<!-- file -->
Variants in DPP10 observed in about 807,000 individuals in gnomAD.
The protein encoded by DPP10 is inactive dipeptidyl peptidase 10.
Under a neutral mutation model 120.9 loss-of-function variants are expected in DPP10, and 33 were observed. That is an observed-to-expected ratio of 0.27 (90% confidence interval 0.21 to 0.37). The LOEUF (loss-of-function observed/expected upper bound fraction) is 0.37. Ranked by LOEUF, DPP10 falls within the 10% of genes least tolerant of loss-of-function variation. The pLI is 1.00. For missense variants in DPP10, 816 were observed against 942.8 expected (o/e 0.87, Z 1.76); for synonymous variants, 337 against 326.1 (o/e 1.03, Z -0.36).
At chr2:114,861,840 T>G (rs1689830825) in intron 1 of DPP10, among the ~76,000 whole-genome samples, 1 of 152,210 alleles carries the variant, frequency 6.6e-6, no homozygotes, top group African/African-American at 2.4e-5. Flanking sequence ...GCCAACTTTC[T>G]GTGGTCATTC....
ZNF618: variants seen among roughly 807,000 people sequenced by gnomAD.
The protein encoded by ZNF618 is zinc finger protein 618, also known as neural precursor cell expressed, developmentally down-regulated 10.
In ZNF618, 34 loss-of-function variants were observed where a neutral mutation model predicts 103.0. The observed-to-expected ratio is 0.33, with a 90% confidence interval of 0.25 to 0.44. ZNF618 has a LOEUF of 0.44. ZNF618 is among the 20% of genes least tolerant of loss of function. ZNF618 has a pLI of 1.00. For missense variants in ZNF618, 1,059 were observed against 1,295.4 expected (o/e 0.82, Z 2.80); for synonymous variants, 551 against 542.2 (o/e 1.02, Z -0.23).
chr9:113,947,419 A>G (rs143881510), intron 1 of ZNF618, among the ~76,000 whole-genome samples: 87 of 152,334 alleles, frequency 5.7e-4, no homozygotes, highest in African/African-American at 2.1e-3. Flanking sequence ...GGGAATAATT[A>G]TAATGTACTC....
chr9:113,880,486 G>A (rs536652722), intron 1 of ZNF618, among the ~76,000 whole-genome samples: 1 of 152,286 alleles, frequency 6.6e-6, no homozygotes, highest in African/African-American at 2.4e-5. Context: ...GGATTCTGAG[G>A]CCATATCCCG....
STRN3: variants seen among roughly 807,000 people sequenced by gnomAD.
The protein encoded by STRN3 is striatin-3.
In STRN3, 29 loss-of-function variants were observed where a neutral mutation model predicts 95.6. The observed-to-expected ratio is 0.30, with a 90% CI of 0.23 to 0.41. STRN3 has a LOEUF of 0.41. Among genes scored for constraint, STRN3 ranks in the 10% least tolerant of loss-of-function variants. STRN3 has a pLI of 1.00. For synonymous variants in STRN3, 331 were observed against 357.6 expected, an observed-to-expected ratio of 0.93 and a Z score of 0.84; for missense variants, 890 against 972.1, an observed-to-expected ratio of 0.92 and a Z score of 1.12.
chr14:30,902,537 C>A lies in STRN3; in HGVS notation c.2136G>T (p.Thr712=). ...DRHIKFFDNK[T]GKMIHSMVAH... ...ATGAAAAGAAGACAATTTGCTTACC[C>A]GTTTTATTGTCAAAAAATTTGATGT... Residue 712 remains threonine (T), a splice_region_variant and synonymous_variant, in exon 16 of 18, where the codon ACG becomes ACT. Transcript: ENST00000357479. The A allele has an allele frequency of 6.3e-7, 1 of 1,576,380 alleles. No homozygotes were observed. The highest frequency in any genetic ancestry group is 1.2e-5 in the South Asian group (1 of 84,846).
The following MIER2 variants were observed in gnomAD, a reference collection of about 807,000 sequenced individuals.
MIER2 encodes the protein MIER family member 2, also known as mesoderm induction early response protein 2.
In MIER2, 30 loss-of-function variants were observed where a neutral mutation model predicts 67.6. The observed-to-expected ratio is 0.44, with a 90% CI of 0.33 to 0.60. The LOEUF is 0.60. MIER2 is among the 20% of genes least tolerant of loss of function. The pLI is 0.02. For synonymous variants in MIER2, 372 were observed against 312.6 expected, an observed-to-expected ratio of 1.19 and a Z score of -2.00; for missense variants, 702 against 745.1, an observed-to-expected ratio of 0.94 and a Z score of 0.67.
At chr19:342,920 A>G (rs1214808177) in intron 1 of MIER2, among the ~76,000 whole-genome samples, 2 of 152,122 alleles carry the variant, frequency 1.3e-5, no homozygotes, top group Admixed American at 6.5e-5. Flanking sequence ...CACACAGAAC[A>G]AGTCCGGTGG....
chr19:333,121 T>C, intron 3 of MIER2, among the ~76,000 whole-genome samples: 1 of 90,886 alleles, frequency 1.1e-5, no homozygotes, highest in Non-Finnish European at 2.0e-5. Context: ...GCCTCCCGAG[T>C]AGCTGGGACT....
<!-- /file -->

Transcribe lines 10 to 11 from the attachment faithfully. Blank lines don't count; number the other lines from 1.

STRN3: variants seen among roughly 807,000 people sequenced by gnomAD.
The protein encoded by STRN3 is striatin-3.